Sickle cell disease (SCD) is a condition very common in the United States of America and its most common presenting symptom is pain related to vaso-occlusive events (VOE). The cost associated with healthcare for the sickle cell population exceeds 1 billion $USD yearly, and the majority of this cost is associated with admission related to vaso-occlusive events. With the increase longevity of patients with SCD, due to new therapies and vaccination against common infection related to SCD, the prevalence of older individuals experiencing VOE will likely increase. The psychological impact inflicted on patients with SCD can further complicate adequate care of patients experiencing acute or chronic pain and the latter must be taken into consideration when planning an optimal treatment regimen. This chapter reviews the short- and long-term management options of pain related to VOE, their limitations as well proposed regimen that could pave the way for the future of pain management of SCD.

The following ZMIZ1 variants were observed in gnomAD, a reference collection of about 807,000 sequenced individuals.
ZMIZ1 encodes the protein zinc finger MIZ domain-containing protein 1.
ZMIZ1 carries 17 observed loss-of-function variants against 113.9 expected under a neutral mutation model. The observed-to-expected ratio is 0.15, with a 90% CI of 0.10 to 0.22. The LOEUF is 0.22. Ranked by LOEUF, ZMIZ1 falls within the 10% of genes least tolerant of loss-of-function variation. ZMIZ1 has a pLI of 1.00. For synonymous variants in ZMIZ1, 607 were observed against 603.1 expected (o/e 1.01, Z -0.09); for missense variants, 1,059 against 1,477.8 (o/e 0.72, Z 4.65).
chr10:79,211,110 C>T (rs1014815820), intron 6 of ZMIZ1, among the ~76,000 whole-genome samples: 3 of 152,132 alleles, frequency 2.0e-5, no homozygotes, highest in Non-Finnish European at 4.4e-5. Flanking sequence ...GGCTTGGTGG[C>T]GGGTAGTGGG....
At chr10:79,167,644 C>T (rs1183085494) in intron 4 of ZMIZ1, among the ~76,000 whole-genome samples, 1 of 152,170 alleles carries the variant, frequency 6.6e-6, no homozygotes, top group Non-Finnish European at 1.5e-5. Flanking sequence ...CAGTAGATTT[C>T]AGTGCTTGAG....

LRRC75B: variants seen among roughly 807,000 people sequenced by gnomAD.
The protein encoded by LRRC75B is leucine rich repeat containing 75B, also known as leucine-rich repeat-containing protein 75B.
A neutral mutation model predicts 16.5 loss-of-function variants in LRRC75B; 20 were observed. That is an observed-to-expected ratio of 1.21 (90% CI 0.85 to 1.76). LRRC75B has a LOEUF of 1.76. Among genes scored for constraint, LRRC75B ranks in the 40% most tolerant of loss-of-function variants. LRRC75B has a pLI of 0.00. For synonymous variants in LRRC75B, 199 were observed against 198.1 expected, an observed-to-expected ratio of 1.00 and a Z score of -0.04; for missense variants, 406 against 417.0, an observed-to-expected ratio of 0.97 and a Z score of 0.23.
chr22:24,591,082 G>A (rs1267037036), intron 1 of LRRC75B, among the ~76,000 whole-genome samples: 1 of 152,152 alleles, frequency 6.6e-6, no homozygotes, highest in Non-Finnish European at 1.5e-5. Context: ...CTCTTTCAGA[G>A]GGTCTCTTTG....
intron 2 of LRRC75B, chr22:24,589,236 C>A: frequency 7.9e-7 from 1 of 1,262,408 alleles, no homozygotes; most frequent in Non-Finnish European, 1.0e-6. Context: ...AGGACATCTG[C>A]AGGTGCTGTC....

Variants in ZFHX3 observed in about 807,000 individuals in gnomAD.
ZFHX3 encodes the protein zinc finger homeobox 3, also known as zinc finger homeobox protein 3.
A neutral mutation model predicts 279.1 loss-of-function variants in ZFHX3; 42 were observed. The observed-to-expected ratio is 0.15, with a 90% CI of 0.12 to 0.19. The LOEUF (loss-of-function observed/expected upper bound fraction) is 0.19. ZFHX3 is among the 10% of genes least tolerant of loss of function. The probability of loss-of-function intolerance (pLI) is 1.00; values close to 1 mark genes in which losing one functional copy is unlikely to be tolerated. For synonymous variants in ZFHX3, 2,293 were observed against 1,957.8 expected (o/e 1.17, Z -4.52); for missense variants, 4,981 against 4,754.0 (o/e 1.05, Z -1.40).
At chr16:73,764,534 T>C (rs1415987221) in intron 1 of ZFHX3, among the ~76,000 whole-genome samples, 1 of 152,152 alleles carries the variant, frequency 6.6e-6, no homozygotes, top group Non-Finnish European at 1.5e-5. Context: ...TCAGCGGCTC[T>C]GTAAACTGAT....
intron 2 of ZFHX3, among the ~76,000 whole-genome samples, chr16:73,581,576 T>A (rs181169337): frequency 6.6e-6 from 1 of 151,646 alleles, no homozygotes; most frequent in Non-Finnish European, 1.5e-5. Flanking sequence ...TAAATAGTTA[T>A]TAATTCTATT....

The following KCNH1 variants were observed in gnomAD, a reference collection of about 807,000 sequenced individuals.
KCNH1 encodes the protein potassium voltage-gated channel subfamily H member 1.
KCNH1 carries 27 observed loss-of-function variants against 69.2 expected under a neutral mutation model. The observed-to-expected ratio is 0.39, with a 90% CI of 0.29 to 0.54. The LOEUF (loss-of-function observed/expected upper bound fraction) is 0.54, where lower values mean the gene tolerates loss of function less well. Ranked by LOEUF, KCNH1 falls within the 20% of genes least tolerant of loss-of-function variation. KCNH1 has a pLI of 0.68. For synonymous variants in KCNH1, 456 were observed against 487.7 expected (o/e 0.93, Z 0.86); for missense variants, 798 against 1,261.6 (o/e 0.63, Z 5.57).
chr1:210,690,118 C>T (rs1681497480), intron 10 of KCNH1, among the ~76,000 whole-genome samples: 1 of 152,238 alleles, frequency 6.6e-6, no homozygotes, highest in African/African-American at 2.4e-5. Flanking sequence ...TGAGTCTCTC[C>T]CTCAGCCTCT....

Part of the book: Pain Management in Special Circumstances
Chronic pain is a debilitating condition that affects millions of people world-wide, leading to physical incapacitation and financial strain. Common methods for treatment include physical therapy, oral medications, injections, surgery, and neuromodulation. Injectates with steroids and local anesthetics can be a temporizing measure with intolerable side effects. The use of autologous biologic injectates (e.g., platelet rich plasma, bone marrow aspirate concentrate, tissue grafts, and stem cells) is growing in therapeutic potential and enthusiasm, giving hope to a subset of patients that have either failed conventional therapy or are not candidates for traditional steroid injections. In this chapter, we will describe different cases in which regenerative medicine can help in painful conditions as well as neuro-degenerative conditions. Regenerative medicine can be the new frontier in providing long lasting relief through changes in cell-signaling cascades, however further trials are needed to validate their use.
Part of the book: Pain Management